Me & My Boobs


27046328_10214004730859881_1675753913_oThe relationship between me and my boobs has been a rocky one. When I was twelve years old and had these giant C cup breasts that attracted endless weirdos, some of them sexually assaulting me, I grew resent towards my poor breasts. Actually, I hated them. I believed if I didn’t have them, then men would leave me be, and I wouldn’t have had these traumatic experiences. I blamed my boobs for it all.

In my twenties, my boobs fell. I don’t know if it was because I had such large ones so early, and it was a natural dance with gravity; but, I was very upset and angry. I felt betrayed by my own breasts. I thought I had finally found value in them as I was modeling and just became an exotic dancer. I needed my boobs! They let me down again. After overhearing a man call them ‘pancake tits’, I decided on plastic surgery.

The first surgery didn’t go well. The surgeon went through the arm pit and under the muscle wall. The implants never dropped down and I had these two hard lumps high on my chest. I had to wait a year before they could be fixed. The second surgery was a success, and while they were going in anyway, I decided on going a bit larger. Double D’s.

Sadly, I viewed my boobs, along with the rest of my body as a commodity. My business assets. The self care I practiced was an investment and unfortunately empty of self love.

In my thirties, was probably the only time I really loved and appreciated my boobs, when I breast fed. What a miracle I was equipped with these beautiful tools that nurtured my baby.

After time, and breastfeeding my boobs have dropped into a very natural looking state. However, I have been retired from dancing and modeling for over ten years, and lugging this weight on my chest is a chore that can’t be good for my back. I have been thinking that eventually I will need a reduction.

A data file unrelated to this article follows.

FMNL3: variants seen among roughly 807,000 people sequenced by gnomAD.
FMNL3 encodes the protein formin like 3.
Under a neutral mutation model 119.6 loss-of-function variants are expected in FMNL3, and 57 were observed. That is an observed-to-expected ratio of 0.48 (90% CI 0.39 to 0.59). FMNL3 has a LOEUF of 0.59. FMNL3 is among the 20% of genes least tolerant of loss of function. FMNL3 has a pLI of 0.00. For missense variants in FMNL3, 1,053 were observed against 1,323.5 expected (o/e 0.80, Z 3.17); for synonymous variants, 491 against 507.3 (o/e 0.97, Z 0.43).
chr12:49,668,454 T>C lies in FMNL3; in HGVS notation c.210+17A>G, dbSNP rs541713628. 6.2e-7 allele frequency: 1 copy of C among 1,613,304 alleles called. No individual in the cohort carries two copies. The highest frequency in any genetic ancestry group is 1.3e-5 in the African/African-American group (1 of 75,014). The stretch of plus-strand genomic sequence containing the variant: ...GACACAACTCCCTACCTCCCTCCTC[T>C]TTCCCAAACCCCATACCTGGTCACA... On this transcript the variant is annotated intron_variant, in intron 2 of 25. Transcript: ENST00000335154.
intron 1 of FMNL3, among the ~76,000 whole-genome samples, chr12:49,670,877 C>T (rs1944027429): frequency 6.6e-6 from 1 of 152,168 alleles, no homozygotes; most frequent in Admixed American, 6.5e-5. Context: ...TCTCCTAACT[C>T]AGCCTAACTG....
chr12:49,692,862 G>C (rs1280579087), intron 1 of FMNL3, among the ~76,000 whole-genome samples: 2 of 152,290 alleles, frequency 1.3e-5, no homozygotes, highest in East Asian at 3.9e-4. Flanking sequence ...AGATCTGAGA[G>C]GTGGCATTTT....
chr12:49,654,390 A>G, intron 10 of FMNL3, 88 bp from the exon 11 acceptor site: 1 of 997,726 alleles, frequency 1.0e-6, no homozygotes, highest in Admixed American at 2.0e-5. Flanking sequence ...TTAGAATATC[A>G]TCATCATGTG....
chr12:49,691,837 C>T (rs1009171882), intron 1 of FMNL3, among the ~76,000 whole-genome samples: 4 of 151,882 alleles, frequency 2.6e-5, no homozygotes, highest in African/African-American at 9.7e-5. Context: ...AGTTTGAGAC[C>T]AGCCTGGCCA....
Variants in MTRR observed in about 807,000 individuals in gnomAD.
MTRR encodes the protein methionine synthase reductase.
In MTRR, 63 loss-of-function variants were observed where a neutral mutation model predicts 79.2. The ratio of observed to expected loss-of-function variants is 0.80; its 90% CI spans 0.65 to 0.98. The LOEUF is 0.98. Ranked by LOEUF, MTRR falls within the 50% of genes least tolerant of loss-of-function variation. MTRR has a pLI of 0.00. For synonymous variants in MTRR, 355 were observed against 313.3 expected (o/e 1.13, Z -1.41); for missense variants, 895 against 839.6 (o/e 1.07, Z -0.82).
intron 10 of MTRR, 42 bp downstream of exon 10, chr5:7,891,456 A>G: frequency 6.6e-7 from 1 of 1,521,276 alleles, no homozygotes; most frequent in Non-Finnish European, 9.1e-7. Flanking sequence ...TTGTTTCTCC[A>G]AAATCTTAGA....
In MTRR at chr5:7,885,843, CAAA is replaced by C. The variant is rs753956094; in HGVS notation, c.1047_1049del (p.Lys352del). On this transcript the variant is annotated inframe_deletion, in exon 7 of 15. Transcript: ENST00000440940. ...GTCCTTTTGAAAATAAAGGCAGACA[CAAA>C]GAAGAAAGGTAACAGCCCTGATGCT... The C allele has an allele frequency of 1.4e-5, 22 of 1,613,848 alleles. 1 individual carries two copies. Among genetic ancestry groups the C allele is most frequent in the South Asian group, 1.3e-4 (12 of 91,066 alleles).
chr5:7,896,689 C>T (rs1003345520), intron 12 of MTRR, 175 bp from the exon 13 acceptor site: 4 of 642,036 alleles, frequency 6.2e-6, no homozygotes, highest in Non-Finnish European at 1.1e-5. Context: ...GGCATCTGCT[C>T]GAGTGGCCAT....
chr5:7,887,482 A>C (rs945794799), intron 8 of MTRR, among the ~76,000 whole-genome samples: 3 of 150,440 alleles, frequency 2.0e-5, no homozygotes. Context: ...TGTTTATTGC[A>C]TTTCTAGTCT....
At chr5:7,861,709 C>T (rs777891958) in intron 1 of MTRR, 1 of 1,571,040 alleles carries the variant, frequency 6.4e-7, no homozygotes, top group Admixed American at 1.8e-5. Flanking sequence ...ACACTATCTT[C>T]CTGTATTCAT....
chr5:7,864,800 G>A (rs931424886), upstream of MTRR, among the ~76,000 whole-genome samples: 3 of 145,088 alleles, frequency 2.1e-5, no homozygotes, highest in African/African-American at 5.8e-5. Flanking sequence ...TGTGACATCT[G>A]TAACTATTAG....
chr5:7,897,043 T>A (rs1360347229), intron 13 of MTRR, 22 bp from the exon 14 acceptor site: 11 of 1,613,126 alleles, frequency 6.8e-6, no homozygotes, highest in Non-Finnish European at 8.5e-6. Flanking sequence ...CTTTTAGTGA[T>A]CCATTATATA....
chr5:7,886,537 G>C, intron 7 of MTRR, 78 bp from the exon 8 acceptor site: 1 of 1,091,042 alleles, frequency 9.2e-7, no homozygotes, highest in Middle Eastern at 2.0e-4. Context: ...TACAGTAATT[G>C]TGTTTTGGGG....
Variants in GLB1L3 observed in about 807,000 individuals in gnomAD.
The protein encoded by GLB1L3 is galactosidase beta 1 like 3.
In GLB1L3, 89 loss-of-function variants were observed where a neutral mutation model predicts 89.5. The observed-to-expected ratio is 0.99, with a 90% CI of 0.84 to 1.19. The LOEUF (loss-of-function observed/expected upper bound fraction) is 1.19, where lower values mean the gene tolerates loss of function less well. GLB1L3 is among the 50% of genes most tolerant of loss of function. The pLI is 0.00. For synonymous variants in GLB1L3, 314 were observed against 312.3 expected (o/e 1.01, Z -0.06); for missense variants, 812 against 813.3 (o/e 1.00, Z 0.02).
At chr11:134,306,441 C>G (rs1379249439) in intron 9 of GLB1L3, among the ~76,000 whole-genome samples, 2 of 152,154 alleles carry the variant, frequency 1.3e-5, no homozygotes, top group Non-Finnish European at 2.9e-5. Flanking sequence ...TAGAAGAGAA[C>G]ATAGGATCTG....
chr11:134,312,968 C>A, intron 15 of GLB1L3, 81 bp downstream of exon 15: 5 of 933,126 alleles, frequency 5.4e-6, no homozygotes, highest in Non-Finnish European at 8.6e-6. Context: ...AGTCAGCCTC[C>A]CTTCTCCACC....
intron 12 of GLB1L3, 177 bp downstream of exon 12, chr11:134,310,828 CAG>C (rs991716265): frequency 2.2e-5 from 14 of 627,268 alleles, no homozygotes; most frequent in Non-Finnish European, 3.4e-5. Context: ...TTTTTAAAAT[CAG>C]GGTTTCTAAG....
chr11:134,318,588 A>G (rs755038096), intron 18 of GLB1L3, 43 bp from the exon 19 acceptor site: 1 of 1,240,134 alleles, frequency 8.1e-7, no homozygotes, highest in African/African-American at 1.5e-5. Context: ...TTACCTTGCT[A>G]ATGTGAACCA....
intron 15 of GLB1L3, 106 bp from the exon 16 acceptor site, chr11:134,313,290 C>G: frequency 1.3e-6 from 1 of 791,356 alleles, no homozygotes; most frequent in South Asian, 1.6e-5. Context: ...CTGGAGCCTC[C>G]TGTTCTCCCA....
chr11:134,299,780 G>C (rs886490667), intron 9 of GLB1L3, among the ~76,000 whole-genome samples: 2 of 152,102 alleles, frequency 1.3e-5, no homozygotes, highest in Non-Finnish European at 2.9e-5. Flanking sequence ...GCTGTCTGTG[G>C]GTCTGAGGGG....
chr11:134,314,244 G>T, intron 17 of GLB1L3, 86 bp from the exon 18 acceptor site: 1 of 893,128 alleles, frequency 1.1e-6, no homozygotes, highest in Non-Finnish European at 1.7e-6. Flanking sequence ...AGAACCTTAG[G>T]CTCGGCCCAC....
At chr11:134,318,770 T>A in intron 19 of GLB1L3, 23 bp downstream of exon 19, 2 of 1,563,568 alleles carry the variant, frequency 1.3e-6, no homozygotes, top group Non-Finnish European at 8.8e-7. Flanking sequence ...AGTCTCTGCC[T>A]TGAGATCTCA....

When I began learning to listen to my body a few years ago, I thought of my poor boobs and how I have never appreciated them and I began sending them love and thanking them for valuable life lessons. I was grateful my resent had never turned into sickness and cancer.

A few months ago, during my mammogram, some tiny calcifications were found in my right breast. They tried to remove them during a regular biopsy but were unable to reach them. They are high up and behind the muscle wall. Last week I had surgery. Everything went well and I am recouping pretty good. I was a little traumatized when I changed the bandage and saw the size of the scar. I was expecting the smaller one from my first biopsy, but, this one is bigger, about two inches. My poor breast all bruised. I sat and cried.

My heart goes out to the many women who wake up with no breast. How many warriors have a real battle with breast cancer.

Today I have a follow up appointment. They will tell me if the lumps were cancer. I have been assured that even if so, because we caught it so early, it will be not only treatable, but curable. I am deeply grateful.